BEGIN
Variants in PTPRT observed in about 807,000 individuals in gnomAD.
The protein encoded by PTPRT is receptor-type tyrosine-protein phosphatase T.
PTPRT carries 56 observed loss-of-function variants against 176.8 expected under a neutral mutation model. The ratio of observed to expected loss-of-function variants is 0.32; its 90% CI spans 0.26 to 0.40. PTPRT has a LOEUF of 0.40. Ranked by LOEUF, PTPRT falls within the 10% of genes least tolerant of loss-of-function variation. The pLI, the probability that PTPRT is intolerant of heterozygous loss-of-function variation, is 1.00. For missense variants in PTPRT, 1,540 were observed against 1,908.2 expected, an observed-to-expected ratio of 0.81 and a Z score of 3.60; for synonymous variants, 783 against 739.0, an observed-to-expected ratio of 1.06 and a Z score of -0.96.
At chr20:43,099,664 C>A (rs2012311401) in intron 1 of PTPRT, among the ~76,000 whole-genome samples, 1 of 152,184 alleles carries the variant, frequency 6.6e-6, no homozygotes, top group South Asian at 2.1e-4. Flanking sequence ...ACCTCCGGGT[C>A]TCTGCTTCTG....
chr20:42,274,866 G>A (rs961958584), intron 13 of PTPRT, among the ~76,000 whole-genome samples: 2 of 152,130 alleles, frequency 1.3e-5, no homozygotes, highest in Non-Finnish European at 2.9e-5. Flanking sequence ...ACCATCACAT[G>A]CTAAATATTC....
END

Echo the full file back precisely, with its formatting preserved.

Variants in PTPRT observed in about 807,000 individuals in gnomAD.
The protein encoded by PTPRT is receptor-type tyrosine-protein phosphatase T.
PTPRT carries 56 observed loss-of-function variants against 176.8 expected under a neutral mutation model. The ratio of observed to expected loss-of-function variants is 0.32; its 90% CI spans 0.26 to 0.40. PTPRT has a LOEUF of 0.40. Ranked by LOEUF, PTPRT falls within the 10% of genes least tolerant of loss-of-function variation. The pLI, the probability that PTPRT is intolerant of heterozygous loss-of-function variation, is 1.00. For missense variants in PTPRT, 1,540 were observed against 1,908.2 expected, an observed-to-expected ratio of 0.81 and a Z score of 3.60; for synonymous variants, 783 against 739.0, an observed-to-expected ratio of 1.06 and a Z score of -0.96.
At chr20:43,099,664 C>A (rs2012311401) in intron 1 of PTPRT, among the ~76,000 whole-genome samples, 1 of 152,184 alleles carries the variant, frequency 6.6e-6, no homozygotes, top group South Asian at 2.1e-4. Flanking sequence ...ACCTCCGGGT[C>A]TCTGCTTCTG....
chr20:42,274,866 G>A (rs961958584), intron 13 of PTPRT, among the ~76,000 whole-genome samples: 2 of 152,130 alleles, frequency 1.3e-5, no homozygotes, highest in Non-Finnish European at 2.9e-5. Flanking sequence ...ACCATCACAT[G>A]CTAAATATTC....